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Migraine Headaches - Symptoms

The most common symptom of a migraine headache is a throbbing pain on one side of your head. You also may have other symptoms before, during, and after a migraine. Different people have different symptoms.

Symptoms before the migraine begins

A day or two before a migraine starts, you may feel:

  • Depressed or cranky.
  • Very happy, very awake, or full of energy.
  • Restless or nervous.
  • Very sleepy.
  • Thirsty or hungry, or you may crave certain foods. Or you may not feel like eating.

Symptoms of an aura

About 1 out of 5 people has a warning sign of a migraine called an aura. It usually starts about 30 minutes before the headache starts. During an aura, you may:

  • See spots, wavy lines, or flashing lights.
  • Have numbness or a "pins-and-needles" feeling in your hands, arms, or face.

Symptoms when the headache starts

Symptoms can include:

  • Throbbing pain on one side of the head. But you can have pain on both sides.
  • Pain behind one of your eyes.
  • Moderate to very bad pain. The pain may be so bad that you can't do any of your usual activities.
  • Pain that gets worse with routine physical activity.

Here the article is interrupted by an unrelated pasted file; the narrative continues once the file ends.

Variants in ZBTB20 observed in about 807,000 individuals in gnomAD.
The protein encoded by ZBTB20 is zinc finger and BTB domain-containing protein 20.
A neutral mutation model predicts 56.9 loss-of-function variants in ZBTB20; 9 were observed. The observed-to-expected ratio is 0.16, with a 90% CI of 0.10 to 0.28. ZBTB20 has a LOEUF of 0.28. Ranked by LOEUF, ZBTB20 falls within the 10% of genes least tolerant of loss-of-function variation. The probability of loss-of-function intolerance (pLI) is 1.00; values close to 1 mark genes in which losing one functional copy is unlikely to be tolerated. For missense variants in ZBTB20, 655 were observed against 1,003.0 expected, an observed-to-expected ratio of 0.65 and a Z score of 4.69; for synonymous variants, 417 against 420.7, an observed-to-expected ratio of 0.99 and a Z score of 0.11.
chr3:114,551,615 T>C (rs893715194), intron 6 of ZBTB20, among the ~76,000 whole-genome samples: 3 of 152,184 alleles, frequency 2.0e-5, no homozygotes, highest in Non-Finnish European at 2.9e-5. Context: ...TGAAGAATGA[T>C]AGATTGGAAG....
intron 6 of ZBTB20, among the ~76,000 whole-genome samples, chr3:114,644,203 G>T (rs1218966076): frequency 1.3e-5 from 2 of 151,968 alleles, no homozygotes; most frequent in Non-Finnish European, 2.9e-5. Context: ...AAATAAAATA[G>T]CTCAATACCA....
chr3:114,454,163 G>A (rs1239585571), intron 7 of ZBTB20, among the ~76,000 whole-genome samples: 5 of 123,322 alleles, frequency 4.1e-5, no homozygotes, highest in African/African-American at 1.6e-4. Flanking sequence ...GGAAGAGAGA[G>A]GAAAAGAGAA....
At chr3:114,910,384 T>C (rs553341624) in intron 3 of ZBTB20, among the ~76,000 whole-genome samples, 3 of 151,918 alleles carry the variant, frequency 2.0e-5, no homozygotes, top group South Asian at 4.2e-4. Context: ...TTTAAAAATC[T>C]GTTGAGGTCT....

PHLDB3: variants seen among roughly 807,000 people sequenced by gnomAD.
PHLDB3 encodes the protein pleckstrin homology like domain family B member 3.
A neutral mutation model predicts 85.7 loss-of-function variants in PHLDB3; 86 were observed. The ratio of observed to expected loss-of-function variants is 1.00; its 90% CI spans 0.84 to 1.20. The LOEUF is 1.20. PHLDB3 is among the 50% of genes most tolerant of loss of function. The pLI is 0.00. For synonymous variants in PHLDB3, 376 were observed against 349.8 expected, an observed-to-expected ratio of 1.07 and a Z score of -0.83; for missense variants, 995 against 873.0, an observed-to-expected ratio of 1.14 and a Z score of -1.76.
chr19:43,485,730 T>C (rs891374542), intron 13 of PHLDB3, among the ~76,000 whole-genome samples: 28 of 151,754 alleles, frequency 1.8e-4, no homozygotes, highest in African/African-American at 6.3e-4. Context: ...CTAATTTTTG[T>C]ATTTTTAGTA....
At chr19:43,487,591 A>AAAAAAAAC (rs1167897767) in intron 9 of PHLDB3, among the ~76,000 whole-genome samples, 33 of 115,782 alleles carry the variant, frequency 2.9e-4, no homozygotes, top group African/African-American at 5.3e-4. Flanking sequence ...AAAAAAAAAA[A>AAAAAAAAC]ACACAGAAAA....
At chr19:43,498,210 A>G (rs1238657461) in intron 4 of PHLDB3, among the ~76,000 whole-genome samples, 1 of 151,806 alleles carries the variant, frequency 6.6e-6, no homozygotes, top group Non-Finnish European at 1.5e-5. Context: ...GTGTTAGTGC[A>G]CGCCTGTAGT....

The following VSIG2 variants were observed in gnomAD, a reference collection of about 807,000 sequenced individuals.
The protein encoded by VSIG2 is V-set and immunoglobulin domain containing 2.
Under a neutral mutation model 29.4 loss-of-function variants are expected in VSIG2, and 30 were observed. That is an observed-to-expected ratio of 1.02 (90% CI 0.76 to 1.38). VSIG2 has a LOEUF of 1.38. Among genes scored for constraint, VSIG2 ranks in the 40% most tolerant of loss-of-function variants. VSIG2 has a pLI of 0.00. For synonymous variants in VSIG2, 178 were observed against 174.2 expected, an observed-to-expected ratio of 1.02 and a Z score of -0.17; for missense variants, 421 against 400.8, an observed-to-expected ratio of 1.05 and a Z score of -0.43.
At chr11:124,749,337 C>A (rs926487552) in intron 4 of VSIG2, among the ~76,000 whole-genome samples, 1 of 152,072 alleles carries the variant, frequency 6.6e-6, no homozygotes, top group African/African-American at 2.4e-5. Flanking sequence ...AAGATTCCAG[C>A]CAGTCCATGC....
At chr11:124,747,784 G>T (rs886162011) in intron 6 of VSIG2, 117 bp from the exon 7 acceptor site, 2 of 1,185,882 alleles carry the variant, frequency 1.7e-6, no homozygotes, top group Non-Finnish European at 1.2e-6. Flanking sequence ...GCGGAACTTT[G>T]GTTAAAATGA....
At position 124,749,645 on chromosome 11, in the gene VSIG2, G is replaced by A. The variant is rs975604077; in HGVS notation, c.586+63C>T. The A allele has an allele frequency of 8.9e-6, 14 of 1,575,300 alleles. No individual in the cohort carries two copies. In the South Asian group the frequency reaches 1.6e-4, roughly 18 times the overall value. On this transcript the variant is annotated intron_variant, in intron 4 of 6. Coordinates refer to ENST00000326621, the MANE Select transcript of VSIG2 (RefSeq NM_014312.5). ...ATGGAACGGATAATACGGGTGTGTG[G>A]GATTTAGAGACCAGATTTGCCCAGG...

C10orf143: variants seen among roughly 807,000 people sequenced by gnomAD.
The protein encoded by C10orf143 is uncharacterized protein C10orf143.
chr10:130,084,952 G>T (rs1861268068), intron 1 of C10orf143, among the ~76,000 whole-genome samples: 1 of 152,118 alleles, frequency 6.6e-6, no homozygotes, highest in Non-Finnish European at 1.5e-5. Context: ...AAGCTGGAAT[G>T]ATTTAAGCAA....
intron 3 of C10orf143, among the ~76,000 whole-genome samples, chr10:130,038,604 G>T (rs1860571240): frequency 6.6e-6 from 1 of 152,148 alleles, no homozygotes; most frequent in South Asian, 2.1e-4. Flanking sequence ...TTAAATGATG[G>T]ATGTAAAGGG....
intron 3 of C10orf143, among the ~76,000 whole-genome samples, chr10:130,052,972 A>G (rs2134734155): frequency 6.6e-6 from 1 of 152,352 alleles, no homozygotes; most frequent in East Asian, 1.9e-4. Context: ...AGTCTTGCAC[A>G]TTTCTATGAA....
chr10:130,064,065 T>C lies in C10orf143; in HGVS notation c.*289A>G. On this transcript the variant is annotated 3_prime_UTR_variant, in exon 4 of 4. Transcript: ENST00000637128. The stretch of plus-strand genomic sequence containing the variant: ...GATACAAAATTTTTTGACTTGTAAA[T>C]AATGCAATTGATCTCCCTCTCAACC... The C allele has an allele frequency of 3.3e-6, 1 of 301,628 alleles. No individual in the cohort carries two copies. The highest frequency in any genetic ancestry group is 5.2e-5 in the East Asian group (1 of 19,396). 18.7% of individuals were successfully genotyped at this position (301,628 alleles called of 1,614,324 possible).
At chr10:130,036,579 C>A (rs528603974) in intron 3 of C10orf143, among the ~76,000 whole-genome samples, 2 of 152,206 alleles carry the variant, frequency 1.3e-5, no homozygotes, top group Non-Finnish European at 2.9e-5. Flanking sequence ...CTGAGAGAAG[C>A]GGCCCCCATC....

• Nausea, vomiting, or both.
  • Pain that gets worse when you're around light, noise, and sometimes smells.

Less common symptoms include:

  • Problems speaking.
  • Tingling in your face, arms, and shoulders.
  • Short-term weakness on one side of your body.

If you have these less-common symptoms and have not had them before, call your doctor right away so that he or she can make sure you aren't having a transient ischemic attack (TIA), stroke, or other serious problem.

Without treatment, a migraine headache can last from 4 to 72 hours.

Symptoms after the headache

After the headache stops, you may have muscle aches or feel very tired. These symptoms may last up to a day after your migraine ends.

Types of migraines and their symptoms

You may have one or more types of migraine headache. Each type has its own features. For example, some people get migraines with an aura. Some get them without an aura. Some women get menstrual migraines, which happen before, during, or shortly after their menstrual period.

It can be hard to tell the difference between a migraine and another type of headache, such as a tension or sinus headache. You may think that you have sinus headaches. But it's more likely that they are migraine headaches if they happen often and interfere with your daily life.

Migraines can occur along with many other health problems, such as asthma or depression. More serious conditions, such as tumors or infections, can also cause migraine symptoms. But most headaches are not caused by serious health problems.

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WebMD Medical Reference from Healthwise

Last Updated: June 10, 2011
This information is not intended to replace the advice of a doctor. Healthwise disclaims any liability for the decisions you make based on this information.
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